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Publication numberUS3020186 A
Publication typeGrant
Publication dateFeb 6, 1962
Filing dateMay 21, 1959
Priority dateMay 21, 1959
Publication numberUS 3020186 A, US 3020186A, US-A-3020186, US3020186 A, US3020186A
InventorsLawrence Leonard
Original AssigneeLawrence Leonard
Export CitationBiBTeX, EndNote, RefMan
External Links: USPTO, USPTO Assignment, Espacenet
Laminating method and means for manufacturing synthetic resinous foam pads
US 3020186 A
Abstract  available in
Images(1)
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Claims  available in
Description  (OCR text may contain errors)

Feb. 6, 1962 LAWRENCE 3,020,186

LAMINATING METHOD AND MEANS FOR MANUFACTURING SYNTHETIC REsINoUs FOAM PADS Filed May 21, 1959 A@ A; F c of? /J/ United States Patent 3 020 186 LAMINATING METHD ND MEANS FOR MAN- UAITURING SYNTHETIC RESINOUS FOAM P D Leonard Lawrence, 118 84th Ave., Kew Gardens, N. Filed May 21, 1959, Ser. No. 814,780 2 Claims. (Cl. 156-248) This invention relates generally to the field of plastic lamination, and more particularly to an improved method and means for forming synthetic resinous foam pads, suitable for use as cushions, absorbent iiuid ev'aporators, and

the like. l

With the increased use of pressure-sensitive adhesives, in general, there Ihas been a tendency to make pads of the type described with such adhesives as the means for attaching the pad `to a Vplanar or other surface. This material has substituted for the older type of mucilage or glue which is normally moistened prior to application, and has the advantage of 4being more sanitary as well as more convenient to use. Unfortunately, while pressure-sensitive adhesives are relatively strong, and will resist a direct pull norm-al to the plane of adhesive interconnection, they -are subject to peeling or rubbing action exerted in a plane parallel to the plane of adhesive interconnection. Thus, when pads are employed, for example, as a means for relieving pressure upon a corn, the rubbing exerted by the sock of the user often disengages the pad from adhesive interconnection with the toe of the,

wearer, so that the effect of the pad is lost.

It is therefore among the principal objects of the present invention lto provide an improved synthetic resinous foam pad employing pressure-sensitive adhesives, in which the contour of pad resulting from an improved method of manufacture, has been altered so as to provide an absence of upstanding edges which may be caught or engaged in a sliding or rubbing movement of the surface to which the pad is adhesively attached.

Another object of the invention lies in the provision of a novel method for forming pads possessed of the above described advantage which permits the formation of a large number of such pads in a single operation in mounted position upon a display card or similar device suitable for immediate packaging, thereby reducing cost of fabrication to a very low order.

Still another object of the invention lies in the provision of an improved method for manufacturing synthetic resinous foam pads which is suitable for use over a wide variety of shapes and sizes of pads, whereby the invention has application to a wide variety of arts.

A feature of the invention lies in the fact that the manufacture of the inventive devices inthe mounting of the same upon a display card may be performed in a single simultaneous operation.

Another feature of the invention lies in the ease with which the completed pad may be detached from the card upon which the same are mounted at the completion of the fabricating step.

These objects and features, as well as other incidental ends and advantages, will more fully appear in the progress of the following disclosure, and be pointed out in the appended claims.

In the drawing, to which reference will be made in the specification, similar reference characters have been employed to designate vcorresponding parts throughout the several views.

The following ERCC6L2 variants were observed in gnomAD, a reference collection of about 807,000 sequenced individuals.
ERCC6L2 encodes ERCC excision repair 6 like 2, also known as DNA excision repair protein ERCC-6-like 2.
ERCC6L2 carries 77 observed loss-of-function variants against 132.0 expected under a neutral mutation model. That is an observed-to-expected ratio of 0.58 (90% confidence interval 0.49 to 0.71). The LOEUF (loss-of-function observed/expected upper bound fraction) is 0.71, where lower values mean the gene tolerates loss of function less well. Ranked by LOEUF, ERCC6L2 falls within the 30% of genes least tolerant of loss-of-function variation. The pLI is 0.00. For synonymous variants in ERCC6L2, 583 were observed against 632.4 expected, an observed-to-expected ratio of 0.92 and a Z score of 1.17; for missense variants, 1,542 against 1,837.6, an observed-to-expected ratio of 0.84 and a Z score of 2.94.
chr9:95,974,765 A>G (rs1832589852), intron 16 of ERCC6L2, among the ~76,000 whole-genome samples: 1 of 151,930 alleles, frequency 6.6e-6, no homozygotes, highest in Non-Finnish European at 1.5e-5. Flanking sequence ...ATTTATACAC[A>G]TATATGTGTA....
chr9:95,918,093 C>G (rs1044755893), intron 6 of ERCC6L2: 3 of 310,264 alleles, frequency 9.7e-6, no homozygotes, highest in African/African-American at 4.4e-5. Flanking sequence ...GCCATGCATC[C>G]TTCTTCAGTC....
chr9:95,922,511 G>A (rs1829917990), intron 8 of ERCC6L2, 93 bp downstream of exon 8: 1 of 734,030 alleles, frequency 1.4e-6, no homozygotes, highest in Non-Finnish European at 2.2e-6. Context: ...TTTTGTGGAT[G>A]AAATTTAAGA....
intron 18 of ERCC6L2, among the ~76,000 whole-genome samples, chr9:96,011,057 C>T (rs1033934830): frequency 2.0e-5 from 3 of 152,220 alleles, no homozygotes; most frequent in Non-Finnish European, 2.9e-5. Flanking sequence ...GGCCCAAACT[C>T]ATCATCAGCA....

FIGURE 1 is an exploded view in perspective showing a first step in the manufacture of the disclosed device.

FIGURE 2 is a vertical sectional view showing a second step in the manufacture of the disclosed article.

FIGURE 3 is a View in perspective showing a die used 2 in connection with the stamping and forming the manufacture of the disclosed article. p

FIGURE 4 is a transverse sectional view as seen from the plane 4-4 in FIGURE 3.

FIGURE 5 is a view in perspective showing a final step in the manufacture of the disclosed article.

FIGURE 6 isa view in perspective showing a plurality of completed articles mounted upon a display oard and ready for packaging.

FIGURE 7 is a view in perspective showing a pleted pad embodying the invention.

In accordance with the invention, the iirst step in the manufacture of pressure sensitive adhesive synthetic resinous foam pads contemplated by the invent-ion consistsin the provision of a fibrous base, generally indicated by reference character 13 having at least an upper surface 14 thereof which is parchmentized and smoothly calendered to permit a pressure sensitive adhesive to be readily stripped therefrom. A planar sheet 16 of polyvinyl acetate, or vinyl copolymer is next provided, having an upper surface 17, and a lower surface 18, the latter of which is provided with a coating of pressure sensitive adhesive, generally indicated by reference character 19.

In the step shown in FIGURE 2, the vinyl sheet 16 together with adhesive coating 19 has been Iadhered to the surface 14 of the base 13, following which a layer of polyvinyl foam 26 has been juxtaposed to leave the npper surface 27 exposed, and the lower surface 28 in contact with the upper surface 17 of the vinyl sheet 16.

Referring to FIGURE 3, .the assembled components shown in FIGURE 2 are then subjected to the action of a heated die 29 having a plurality of edges 30. As best seen in FIGURE 4, the edges 30 are of a tapered configuration which simultaneously cuts and fuses the foam layer 26 and the vinyl sheet layer 16 over predetermined areas corresponding to the shape of the pads to be formed, thereby sealing the upper surface 26 of the vinyl sheet member to the upper surface 27 of the Vinyl foam layer 26. This operation forms a plurality of pads, generally indicated'by reference character 31.

In lthe final step seen in FIGURE 5, the remaining portions of the foam rubber layer 26 and the vinyl sheet layer 16 are stripped from the base 13, leaving the assembled pads in situ, so that the same may be readily removed by the ultimate user as seen in FIGURE 6. During this removal, the foam rubber layer will part from the lamination without difliculty, owing to the fact that it is completely severed from the formed pads 31, while the remaining portions of the vinyl sheet layer 16 must be pulled against the action of the unused pressure sensitive adhesive layer 19, whichwas originally coated over the entire lower surface 18.